MDN: International Medical Corps’ Portable Hospital Finds Home At FedEx
Valued at more than $2 million, International Medical Corps’ massive field hospital has yet to save even a single life since it was constructed five years ago.
That could soon change, however, with the addition of FedEx.
On Thursday, June 1, officials with IMC and FedEx completed moving the hospital from Boise, Idaho, to a large warehouse in southeast Memphis, where it will sit in 130 crates until needed.
“It’s a trauma hospital that is designed to be on the ground and operating (in a disaster zone) in 72 hours,” IMC representative Erica Tavares said. “It’s never been deployed.”
This all began in the wake of the devastating 2010 earthquake in Haiti, which left tens of thousands of people dead and scores more homeless.
After that, the IMC, a global nonprofit humanitarian organization founded in 1984, saw the need for a mobile hospital that could be set up quickly amid such devastation.
So, in 2012, IMC officials constructed a portable hospital roughly the size of a football field. The 60-bed mobile trauma and surgical facility can provide 300 surgeries and 6,000 outpatient consultations a month. It is designed to be self-sufficient for at least four weeks. It is primarily designed for international use in natural disasters.
But with its size and scope, the facility has certain requirements in terms of space and logistics. And although IMC officials tried to deploy the hospital after the 2015 Nepal earthquake, they were unable to set it up in the affected area.
So there it sat, collecting dust, in part because the storage and packing in Boise meant the facility had to be deployed entirely or not at all.
But about six months ago, FedEx became involved with the efforts to put the hospital to use, said David Lusk, senior manager of global operations control at FedEx Express.
“When you look at what the IMC does, the impact it has on communities in a disaster (when) people need immediate trauma care, the capabilities that IMC has matched up with our ability to rapidly get that where it’s needed most,” Lusk said, adding that FedEx is donating the storage space and any necessary transportation to deploy the facility. “It’s the perfect fit.”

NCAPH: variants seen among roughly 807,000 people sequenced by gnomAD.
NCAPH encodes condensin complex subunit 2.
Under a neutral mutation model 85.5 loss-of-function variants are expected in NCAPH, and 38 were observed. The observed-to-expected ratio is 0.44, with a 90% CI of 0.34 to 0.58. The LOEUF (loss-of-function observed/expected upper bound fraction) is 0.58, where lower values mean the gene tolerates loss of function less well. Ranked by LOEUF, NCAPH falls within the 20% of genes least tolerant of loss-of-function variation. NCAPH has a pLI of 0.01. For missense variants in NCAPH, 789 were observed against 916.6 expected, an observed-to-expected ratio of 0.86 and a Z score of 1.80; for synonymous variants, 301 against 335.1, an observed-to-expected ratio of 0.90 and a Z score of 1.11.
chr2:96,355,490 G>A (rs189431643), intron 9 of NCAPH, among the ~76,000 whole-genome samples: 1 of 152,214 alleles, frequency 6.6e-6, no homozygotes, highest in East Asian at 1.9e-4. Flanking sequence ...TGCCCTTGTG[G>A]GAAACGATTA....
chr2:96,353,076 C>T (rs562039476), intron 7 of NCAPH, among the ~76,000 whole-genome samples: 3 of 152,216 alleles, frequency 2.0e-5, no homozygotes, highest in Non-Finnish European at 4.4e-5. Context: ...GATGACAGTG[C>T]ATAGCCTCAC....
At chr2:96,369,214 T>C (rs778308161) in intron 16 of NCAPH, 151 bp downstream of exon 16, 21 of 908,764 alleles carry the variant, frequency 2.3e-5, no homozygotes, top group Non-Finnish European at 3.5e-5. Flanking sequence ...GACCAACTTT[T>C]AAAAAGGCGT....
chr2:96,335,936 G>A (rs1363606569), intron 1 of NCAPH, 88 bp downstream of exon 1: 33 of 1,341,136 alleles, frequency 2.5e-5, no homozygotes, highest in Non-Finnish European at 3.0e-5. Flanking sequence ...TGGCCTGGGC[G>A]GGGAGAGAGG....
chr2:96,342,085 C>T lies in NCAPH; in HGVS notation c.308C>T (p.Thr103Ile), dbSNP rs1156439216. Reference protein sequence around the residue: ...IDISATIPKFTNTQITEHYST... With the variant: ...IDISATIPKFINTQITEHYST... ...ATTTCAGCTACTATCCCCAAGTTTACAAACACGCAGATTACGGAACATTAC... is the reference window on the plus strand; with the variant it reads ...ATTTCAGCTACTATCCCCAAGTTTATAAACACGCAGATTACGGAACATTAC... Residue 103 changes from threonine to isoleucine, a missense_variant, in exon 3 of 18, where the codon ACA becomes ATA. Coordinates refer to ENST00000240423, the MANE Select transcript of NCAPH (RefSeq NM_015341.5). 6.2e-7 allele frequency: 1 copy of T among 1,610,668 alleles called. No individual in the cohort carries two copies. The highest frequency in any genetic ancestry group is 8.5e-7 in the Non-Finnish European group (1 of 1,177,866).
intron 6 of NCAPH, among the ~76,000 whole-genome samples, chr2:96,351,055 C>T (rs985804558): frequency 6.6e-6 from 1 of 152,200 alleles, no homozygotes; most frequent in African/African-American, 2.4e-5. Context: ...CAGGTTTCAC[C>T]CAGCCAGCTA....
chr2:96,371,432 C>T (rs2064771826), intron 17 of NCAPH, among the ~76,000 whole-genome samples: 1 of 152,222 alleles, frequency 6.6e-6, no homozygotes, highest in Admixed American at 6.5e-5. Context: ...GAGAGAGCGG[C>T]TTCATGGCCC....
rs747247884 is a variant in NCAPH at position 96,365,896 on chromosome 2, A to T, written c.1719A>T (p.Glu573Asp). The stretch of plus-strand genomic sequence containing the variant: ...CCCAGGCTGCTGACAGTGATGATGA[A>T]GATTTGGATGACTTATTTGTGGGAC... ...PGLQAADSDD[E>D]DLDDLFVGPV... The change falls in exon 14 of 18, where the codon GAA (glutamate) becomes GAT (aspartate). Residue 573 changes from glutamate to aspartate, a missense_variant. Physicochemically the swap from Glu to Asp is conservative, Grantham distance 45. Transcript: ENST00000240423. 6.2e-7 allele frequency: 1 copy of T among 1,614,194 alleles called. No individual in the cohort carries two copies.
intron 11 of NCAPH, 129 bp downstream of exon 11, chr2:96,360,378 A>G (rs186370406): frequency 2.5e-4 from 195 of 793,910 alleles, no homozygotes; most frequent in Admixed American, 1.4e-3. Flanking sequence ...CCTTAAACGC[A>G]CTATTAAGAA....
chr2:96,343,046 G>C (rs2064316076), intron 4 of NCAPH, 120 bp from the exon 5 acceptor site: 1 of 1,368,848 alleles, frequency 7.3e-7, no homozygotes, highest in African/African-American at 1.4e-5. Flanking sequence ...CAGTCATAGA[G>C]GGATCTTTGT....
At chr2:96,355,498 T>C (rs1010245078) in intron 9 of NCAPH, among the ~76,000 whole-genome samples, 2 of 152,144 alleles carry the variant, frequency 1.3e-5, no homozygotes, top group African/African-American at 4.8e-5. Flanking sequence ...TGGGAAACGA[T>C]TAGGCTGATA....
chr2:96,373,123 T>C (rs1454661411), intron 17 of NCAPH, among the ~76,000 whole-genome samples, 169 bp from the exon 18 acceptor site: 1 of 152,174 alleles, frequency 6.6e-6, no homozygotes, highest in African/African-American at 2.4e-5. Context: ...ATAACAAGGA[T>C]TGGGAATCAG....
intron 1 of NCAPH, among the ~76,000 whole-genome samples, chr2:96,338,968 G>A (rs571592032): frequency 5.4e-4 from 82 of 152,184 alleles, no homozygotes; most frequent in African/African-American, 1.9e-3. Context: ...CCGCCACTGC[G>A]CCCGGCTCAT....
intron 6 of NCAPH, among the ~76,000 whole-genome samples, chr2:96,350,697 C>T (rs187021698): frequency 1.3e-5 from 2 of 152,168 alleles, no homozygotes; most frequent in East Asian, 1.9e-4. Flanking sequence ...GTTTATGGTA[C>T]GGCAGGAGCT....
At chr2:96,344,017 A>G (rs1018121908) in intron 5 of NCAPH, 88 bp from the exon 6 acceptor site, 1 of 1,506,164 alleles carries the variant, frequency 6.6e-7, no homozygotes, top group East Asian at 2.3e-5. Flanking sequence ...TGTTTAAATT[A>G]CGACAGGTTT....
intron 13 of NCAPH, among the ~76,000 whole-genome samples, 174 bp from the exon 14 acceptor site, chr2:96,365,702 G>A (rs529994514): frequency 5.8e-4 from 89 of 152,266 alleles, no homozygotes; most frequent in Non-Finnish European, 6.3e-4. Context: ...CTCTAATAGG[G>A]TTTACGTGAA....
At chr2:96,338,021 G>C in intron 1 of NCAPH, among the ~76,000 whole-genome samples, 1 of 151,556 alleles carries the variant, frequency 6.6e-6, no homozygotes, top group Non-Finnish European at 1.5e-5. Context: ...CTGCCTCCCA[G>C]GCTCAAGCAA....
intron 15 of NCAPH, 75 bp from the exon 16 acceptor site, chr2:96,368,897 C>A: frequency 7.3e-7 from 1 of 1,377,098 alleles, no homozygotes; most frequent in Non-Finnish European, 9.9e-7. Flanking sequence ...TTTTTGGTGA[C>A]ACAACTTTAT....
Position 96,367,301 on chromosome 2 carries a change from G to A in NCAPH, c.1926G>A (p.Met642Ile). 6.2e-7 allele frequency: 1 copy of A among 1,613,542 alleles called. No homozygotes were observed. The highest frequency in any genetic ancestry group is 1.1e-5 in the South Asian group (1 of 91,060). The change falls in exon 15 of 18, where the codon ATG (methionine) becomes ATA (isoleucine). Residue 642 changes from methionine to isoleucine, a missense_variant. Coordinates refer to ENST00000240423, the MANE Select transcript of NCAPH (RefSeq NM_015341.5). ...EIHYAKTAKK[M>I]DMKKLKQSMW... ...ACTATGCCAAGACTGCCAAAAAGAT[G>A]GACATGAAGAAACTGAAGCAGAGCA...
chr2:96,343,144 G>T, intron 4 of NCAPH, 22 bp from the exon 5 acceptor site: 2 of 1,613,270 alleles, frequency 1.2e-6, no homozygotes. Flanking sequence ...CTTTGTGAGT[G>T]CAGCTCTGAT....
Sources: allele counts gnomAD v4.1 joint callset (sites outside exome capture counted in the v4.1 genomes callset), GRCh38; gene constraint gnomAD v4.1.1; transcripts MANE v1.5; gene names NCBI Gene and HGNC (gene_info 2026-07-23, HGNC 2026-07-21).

Now, the entire hospital is being stored and packed in such a way that it can be split into smaller components, something that didn’t really work in the Boise facility.
This means that the hospital can be used in its entirety for a major disaster, but it can also be broken down into modular sections for a response to smaller disasters, such as disease outbreaks and the like.
“We know that the assets in the hospital can be used for smaller disasters and disease outbreaks,” Tavares said. “Now the way it’s stored, they can take just pieces of it.”
For example, previously, all the tents were stored in one crate while the lights were in a separate crate and the generators in yet another one.
Now, though, some of those components are stored together, making it easier to get just a portion of the hospital to a disaster zone.
“Now there’s a set of crates that are designed for smaller disasters, so now maybe we could take (just) a third of the crates,” Tavares said.
FedEx also will make it easier to move the hospital, or just a portion of it, where it’s needed, Lusk said. The goal there is to use the company’s massive resources to get the hospital where it needs to be as fast as possible.
“Not only can we move the whole hospital in a charter,” Lusk said, “but if they only need to move a few crates, we can offer them that.”